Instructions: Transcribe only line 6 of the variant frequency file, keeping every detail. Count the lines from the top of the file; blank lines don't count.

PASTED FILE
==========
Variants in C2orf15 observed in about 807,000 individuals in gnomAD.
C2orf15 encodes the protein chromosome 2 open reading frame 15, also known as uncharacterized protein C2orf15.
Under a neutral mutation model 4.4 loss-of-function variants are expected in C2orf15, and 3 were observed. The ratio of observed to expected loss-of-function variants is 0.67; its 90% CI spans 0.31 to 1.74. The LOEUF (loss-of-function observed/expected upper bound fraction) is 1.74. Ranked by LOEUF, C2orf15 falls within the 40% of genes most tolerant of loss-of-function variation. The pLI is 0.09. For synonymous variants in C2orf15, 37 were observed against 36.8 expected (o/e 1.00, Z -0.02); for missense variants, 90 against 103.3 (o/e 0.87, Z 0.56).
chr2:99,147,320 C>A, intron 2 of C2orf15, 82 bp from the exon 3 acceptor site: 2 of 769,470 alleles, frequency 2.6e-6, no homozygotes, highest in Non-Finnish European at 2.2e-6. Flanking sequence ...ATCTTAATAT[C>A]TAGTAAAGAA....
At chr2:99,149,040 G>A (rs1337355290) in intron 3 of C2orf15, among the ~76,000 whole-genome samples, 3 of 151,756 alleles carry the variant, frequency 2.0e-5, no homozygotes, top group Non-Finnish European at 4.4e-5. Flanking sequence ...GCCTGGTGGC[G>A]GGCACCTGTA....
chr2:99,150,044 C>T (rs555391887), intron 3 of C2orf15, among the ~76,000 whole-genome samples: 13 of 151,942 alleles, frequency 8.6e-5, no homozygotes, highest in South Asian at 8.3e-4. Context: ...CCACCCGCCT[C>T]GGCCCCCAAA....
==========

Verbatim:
chr2:99,150,044 C>T (rs555391887), intron 3 of C2orf15, among the ~76,000 whole-genome samples: 13 of 151,942 alleles, frequency 8.6e-5, no homozygotes, highest in South Asian at 8.3e-4. Context: ...CCACCCGCCT[C>T]GGCCCCCAAA....